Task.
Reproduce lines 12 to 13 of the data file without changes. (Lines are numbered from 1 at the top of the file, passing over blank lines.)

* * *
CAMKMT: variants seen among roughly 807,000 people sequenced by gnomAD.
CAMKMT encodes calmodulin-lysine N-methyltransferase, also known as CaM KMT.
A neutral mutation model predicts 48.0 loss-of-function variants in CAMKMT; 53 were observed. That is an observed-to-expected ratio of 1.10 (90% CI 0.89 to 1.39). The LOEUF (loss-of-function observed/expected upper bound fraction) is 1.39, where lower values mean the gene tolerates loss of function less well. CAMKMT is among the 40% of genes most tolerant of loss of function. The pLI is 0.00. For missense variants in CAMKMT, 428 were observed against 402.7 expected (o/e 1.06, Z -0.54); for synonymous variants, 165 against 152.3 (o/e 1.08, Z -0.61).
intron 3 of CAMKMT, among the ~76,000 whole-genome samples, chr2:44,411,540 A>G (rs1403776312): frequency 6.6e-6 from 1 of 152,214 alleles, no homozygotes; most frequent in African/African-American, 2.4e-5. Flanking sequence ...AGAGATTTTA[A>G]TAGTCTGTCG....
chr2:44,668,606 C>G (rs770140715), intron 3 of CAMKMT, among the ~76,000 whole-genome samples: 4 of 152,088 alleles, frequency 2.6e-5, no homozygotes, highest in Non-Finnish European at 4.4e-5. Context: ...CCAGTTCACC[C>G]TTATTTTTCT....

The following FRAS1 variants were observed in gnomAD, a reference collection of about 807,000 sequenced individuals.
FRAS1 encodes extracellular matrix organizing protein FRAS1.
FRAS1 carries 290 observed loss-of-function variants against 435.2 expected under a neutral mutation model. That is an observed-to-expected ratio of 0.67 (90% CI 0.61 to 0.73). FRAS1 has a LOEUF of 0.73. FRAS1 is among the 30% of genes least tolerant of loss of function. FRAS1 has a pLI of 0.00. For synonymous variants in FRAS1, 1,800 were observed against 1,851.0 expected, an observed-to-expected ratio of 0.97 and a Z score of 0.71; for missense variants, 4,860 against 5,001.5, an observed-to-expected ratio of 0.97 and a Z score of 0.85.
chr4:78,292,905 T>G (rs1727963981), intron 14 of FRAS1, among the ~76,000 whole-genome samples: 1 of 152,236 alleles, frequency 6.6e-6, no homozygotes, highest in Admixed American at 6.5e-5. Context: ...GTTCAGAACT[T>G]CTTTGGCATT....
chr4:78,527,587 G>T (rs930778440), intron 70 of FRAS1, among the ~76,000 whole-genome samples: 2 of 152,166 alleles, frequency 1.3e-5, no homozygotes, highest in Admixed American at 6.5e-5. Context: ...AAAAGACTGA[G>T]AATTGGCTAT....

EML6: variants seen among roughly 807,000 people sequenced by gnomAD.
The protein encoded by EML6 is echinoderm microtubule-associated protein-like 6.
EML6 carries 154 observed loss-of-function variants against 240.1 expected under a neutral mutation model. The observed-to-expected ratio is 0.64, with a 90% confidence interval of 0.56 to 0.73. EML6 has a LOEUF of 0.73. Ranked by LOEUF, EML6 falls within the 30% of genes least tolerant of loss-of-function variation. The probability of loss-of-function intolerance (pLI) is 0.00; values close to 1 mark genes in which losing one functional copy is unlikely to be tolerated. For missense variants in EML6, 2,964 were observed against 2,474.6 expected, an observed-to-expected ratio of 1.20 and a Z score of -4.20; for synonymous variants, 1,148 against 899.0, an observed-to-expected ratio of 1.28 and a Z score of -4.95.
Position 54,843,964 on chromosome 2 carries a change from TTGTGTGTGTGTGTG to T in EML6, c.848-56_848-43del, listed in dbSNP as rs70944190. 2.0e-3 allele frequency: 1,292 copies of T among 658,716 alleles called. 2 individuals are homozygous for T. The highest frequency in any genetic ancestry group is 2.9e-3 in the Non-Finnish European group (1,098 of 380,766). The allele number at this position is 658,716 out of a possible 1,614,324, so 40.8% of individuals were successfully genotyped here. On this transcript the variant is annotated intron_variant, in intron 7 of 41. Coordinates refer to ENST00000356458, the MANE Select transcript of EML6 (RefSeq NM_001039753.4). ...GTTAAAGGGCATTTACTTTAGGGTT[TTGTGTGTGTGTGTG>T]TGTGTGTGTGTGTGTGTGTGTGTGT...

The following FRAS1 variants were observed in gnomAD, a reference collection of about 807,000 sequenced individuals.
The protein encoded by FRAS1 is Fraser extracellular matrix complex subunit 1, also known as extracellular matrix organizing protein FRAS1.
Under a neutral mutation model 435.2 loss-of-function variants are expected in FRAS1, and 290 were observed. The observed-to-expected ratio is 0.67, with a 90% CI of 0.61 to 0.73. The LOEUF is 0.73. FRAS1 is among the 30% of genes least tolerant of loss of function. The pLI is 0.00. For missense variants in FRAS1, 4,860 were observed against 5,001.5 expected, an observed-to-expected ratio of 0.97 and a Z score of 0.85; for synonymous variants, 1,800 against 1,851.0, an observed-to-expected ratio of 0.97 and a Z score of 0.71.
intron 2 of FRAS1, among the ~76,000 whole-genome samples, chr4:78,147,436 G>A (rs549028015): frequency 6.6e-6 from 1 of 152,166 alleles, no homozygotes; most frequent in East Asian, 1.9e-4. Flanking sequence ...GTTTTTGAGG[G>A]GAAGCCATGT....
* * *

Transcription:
The protein encoded by EML6 is echinoderm microtubule-associated protein-like 6.
EML6 carries 154 observed loss-of-function variants against 240.1 expected under a neutral mutation model. The observed-to-expected ratio is 0.64, with a 90% confidence interval of 0.56 to 0.73. EML6 has a LOEUF of 0.73. Ranked by LOEUF, EML6 falls within the 30% of genes least tolerant of loss-of-function variation. The probability of loss-of-function intolerance (pLI) is 0.00; values close to 1 mark genes in which losing one functional copy is unlikely to be tolerated. For missense variants in EML6, 2,964 were observed against 2,474.6 expected, an observed-to-expected ratio of 1.20 and a Z score of -4.20; for synonymous variants, 1,148 against 899.0, an observed-to-expected ratio of 1.28 and a Z score of -4.95.